Shady businesses have been targeting struggling college graduates and former students with ads that promise student loan forgiveness. However, these “businesses” have been charging students fees for information that is already free– information that can easily be found on the Department of Education’s website.
The Consumer Financial Protection Bureau (CFPB) has shut down several of these companies. Others have been sent cease and desist letters by the Department of Education. Despite the actions of federal regulators, these companies continue recreating themselves so they can steal from struggling borrowers.
How Can You Tell If It’s a Student Loan Scam or Helpful Website?
Student loan scams have certain characteristics that make them stand out. By learning how to spot these tell-tale signs of student loan scams, you might be able to avoid becoming a victim.
Upfront payments: Student loan scammers will ask for upfront fees. In reality, this is actually illegal. The Federal Trade Commission (FTC) has banned upfront fees for debt settlement. Companies in violation of these rules can be shut down or heavily fined. If you see a student loan company asking for upfront fees for resolving debts, you can report them to the FTC or your state Attorney General.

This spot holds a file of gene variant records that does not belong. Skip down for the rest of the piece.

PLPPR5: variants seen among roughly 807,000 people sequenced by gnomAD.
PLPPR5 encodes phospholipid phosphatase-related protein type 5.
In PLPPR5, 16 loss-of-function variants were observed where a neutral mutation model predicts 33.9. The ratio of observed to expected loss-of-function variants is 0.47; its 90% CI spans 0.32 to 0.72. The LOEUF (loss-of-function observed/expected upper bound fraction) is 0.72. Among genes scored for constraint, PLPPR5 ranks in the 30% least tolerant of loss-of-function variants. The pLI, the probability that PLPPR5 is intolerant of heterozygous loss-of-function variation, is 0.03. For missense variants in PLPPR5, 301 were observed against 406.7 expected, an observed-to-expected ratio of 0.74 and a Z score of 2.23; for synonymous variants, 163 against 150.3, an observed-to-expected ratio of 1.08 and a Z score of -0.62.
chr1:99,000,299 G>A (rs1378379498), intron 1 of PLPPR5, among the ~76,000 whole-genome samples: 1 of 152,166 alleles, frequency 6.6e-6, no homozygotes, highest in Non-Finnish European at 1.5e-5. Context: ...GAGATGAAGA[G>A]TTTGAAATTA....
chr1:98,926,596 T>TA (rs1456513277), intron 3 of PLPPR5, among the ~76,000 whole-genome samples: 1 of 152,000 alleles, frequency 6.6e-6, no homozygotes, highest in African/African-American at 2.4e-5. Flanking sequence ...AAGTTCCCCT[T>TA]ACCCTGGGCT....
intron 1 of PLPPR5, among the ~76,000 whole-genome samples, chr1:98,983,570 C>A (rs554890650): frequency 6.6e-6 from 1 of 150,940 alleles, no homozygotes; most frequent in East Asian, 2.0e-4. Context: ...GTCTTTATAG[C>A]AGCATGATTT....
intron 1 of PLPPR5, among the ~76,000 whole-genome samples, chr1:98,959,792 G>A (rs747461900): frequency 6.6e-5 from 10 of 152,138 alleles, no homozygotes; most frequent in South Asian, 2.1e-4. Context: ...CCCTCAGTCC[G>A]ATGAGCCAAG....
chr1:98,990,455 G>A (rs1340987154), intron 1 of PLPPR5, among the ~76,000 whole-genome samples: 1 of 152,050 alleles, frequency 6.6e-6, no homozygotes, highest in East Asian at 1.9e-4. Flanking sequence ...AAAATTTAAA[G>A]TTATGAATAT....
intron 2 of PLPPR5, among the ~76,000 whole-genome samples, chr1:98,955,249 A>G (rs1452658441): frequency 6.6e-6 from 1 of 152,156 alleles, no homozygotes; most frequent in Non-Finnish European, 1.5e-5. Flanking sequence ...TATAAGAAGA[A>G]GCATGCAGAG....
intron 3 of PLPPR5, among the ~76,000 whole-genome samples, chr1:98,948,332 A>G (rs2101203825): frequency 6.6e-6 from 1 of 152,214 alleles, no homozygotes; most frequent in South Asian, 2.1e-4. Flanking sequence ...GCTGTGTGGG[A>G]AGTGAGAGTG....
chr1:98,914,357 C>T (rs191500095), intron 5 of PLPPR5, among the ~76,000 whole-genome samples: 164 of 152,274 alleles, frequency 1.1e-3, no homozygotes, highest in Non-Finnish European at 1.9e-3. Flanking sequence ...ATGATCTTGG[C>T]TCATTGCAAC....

Promising quick relief: Borrowers have to meet certain criteria to seek loan forgiveness or debt relief. This has not stopped student loan scam companies from promising loan forgiveness to people, even if they did not qualify, for the purpose of collecting fees.
Charging fees for free services: Student loan scammers are charging borrowers fees for services that cost nothing, such as seeking loan consolidation or enrolling in income-based repayment programs. You can fill out applications for consolidation or income-based programs and send them to your loan servicer for free.
The main characteristic to remember is that these student loan scams will try to trick borrowers into paying fees. If you are struggling with federal student loan debt and looking for information, the Department of Education provides free assistance.
The Kansas City bankruptcy attorneys at The Sader Law Firm offer free initial consultations to borrowers who are struggling to manage debts.